Blue Jays phenom Vlad Guerrero Jr. hit 15 home runs and drove in 69 last season. Brett Davis-USA TODAY Sports

Five middle-class teams primed to take advantage if playoffs expand

With the baseball world focused on the Astros' scandal, reports surfaced in early February that MLB is considering expanding its playoff field in 2022. If adopted, seven teams in each league would make the postseason; the team with the best record in each league would get a first-round bye. Perhaps this was just commissioner Rob Manfred's effort to distract from sign-stealing purgatory. 

If so, good job, commish. The leaked proposal, which generated much chatter, has merit. Most importantly, it would hugely benefit baseball's middle class.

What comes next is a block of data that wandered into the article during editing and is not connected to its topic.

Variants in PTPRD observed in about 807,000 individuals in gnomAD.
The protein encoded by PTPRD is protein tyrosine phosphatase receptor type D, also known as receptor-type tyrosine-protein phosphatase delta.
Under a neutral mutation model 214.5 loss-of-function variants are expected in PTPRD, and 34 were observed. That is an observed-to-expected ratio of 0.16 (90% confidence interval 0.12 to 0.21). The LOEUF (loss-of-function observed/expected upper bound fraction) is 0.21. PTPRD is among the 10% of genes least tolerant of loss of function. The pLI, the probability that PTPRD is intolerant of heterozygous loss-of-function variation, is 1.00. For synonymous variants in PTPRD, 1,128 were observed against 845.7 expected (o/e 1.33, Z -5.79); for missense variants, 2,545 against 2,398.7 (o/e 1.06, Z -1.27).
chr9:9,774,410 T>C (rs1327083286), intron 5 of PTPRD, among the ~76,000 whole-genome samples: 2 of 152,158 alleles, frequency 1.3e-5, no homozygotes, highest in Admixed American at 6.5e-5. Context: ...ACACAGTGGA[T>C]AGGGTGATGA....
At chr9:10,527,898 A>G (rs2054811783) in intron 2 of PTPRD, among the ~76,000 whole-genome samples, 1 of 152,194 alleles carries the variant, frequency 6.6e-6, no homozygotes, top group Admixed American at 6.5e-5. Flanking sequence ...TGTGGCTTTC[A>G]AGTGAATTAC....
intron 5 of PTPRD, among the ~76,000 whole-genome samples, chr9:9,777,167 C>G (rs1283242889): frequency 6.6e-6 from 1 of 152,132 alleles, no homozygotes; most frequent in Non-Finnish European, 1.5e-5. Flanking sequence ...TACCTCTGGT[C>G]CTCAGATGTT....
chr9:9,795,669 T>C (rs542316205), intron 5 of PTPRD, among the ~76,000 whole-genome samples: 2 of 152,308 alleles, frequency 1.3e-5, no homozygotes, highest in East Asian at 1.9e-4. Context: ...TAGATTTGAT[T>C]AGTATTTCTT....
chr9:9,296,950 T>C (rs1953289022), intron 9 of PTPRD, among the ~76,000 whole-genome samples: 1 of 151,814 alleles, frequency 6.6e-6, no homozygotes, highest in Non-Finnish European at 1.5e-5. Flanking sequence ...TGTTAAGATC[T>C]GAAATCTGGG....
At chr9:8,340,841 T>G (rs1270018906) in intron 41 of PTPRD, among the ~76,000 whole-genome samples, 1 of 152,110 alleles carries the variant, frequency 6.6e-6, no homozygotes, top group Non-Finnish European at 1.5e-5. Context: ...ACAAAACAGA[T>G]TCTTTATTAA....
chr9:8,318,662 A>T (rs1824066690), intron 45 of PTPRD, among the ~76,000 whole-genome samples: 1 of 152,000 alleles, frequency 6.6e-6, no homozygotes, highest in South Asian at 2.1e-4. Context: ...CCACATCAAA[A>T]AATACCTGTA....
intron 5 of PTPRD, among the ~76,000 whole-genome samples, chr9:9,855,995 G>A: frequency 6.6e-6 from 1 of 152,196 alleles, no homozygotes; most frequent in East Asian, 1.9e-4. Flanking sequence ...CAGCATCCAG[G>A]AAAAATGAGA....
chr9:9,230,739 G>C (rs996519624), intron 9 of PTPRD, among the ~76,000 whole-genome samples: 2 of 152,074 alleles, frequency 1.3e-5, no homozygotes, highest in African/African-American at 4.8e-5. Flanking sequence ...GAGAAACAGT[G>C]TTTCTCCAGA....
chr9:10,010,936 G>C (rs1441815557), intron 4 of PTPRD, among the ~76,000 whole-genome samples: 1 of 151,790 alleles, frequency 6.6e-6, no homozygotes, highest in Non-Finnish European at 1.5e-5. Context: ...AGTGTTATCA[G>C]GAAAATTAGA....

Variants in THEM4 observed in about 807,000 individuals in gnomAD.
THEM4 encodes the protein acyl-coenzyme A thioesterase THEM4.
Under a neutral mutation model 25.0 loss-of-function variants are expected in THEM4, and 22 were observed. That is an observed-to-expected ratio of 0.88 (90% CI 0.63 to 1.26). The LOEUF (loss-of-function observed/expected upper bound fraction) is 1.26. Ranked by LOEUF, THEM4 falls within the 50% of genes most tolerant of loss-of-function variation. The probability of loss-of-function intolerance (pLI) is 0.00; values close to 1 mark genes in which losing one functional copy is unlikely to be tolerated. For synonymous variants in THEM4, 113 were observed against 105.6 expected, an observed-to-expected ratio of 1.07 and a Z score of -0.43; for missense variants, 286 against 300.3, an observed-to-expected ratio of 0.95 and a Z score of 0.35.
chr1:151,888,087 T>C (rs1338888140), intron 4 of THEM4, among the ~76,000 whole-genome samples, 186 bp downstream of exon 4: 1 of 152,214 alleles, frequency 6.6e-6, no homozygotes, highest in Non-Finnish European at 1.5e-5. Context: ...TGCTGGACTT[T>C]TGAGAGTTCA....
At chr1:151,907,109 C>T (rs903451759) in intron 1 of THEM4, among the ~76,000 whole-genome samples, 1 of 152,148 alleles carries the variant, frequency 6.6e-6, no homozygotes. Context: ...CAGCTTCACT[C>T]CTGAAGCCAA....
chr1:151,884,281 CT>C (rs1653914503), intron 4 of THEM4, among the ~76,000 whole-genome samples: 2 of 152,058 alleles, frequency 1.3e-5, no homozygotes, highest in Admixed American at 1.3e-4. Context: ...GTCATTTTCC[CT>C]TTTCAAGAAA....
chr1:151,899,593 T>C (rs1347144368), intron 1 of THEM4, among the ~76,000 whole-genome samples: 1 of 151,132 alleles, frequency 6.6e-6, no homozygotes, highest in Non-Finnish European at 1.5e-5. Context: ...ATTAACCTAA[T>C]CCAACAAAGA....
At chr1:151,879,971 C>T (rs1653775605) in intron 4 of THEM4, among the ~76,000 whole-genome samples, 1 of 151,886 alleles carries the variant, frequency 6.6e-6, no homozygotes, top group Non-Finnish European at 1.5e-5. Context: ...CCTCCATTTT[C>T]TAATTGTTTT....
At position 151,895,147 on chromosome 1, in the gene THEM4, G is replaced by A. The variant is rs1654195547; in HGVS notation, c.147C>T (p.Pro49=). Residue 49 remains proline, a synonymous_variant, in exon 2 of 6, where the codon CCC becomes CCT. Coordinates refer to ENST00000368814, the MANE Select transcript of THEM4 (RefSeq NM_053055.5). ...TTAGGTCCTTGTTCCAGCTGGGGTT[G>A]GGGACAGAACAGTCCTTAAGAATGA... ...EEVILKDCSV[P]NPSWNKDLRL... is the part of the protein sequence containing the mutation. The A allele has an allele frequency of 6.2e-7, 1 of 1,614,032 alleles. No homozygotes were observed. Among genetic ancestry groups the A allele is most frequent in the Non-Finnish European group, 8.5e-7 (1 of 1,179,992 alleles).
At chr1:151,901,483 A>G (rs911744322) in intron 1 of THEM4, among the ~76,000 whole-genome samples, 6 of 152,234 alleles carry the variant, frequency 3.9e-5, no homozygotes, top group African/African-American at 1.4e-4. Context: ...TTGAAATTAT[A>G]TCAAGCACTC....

In recent years, baseball’s best teams have grown more dominant, leaving the rest in the dust. In 2017, three teams won 100 games — the first time that has happened since 2003. In 2018, it happened again, and, in 2019, four teams hit triple-digit wins. Meanwhile, in 2018, three teams lost 100 games in the same season for the first time since 2002. Last season, four teams lost at least that many.

The best teams are getting better, and the bottom-feeders are getting worse, making for too predictable a regular season.  

Under the current 10-team (five in each league) playoff format, middle-class teams prefer to trade assets rather than make a run at the wild card.  The result? MLB standings look like a wasteland. In the AL, for example, Boston (84-78) and Cleveland (93-69) were the only non-playoff teams to win at least 80 games last season; every other team outside the playoff picture tucked its tail and tanked.